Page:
Friday, January 19, 2007

Chronic Kidney Disease Symptoms

By: Jessica Deets

The kidneys remove waste products and excess fluid from the body through the urine. They also serve to regulate the sodium, potassium, phosphorus and calcium levels. Additionally, the kidneys remove toxins from the blood and release hormones into the blood stream to regulate blood pressure, and to have strong bones and to make more red blood cells.

Chronic kidney disease involves damage to kidneys where they can't regulate these bodily functions anymore. Kidney disease problems manifest themselves when wastes accumulate in the blood and you feel fatigued. Complications include heart disease, high blood pressure, anemia, bone problems, and nerve damage. Often kidney disease occurs gradually over time. Kidney disease can lead to kidney failure, and once the kidneys fail, either a transplant or dialysis is needed to stay alive.

Two main causes of chronic kidney disease are high blood pressure and diabetes (although kidney disease can also cause high blood pressure). For diabetics, they have to monitor their blood sugar level. If it gets too high and can cause damage to other organs, such as to the kidneys, heart, nerves, and eyes. While high blood pressure can lead to strokes, heart attacks, or chronic kidney disease, because of the blood pressure effect on the blood vessels.

Anyone can get chronic kidney disease at any age. Early detection and treatment can often keep chronic kidney disease from getting worse. Some of the symptoms of kidney disease could include fatigue, concentration difficulty, a lack of appetite, insomnia, swelling in the extremities (such as feet and ankles), muscle cramps, dry skin and frequent urination.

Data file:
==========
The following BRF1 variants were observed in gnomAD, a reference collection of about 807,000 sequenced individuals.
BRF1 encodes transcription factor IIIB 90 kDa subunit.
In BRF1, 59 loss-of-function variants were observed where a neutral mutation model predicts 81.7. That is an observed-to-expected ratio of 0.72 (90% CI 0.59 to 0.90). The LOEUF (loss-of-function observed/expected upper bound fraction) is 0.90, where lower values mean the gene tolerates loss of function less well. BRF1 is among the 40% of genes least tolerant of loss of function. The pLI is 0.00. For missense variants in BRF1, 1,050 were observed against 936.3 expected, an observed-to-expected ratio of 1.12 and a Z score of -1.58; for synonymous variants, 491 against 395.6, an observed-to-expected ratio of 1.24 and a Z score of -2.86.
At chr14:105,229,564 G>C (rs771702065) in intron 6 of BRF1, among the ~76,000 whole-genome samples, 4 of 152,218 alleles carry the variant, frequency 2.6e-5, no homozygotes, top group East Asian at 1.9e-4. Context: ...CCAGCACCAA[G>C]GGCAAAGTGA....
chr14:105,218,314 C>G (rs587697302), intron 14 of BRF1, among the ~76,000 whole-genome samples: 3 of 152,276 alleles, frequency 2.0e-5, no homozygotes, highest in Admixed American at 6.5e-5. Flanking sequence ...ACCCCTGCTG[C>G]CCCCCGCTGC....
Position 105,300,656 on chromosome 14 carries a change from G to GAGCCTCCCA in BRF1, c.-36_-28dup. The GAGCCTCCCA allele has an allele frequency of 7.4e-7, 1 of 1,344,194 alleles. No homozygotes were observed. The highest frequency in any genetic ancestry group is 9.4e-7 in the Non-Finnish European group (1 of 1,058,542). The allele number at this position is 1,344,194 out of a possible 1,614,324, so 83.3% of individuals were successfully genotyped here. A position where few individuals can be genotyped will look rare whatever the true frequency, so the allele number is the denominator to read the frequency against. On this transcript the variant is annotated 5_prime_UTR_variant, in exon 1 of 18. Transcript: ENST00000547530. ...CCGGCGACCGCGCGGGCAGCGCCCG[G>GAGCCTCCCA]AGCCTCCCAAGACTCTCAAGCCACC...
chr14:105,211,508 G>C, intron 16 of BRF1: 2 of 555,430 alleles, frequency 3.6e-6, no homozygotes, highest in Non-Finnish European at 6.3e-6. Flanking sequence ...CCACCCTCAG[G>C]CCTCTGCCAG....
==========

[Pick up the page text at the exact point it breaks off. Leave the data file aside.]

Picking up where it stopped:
If you have any of these conditions, see your doctor for help. You can work together to determine the cause of any of these symptoms. If it is chronic kidney disease, your doctor may recommend a special diet to minimize buildup of the waste products and fluid in your blood. Your doctor may recommend that you see a renal dietitian (they specialize in diets for kidney disease).

The goal is to control the amount of protein, phosphorus and sodium that you eat in order to reduce the workload on your kidneys. This helps to keep your body healthy.

This information is not meant to replace medical advice. If you need medical advice see your physician. Your physician can work with you to come up with a solution for your lasting health. Copyright (c) 2006
About the Author:Jessica Deets has been researching the internet for over 4 years and finds valuable information to help people. The website at has information, news and a current blog regarding steroid alternatives.

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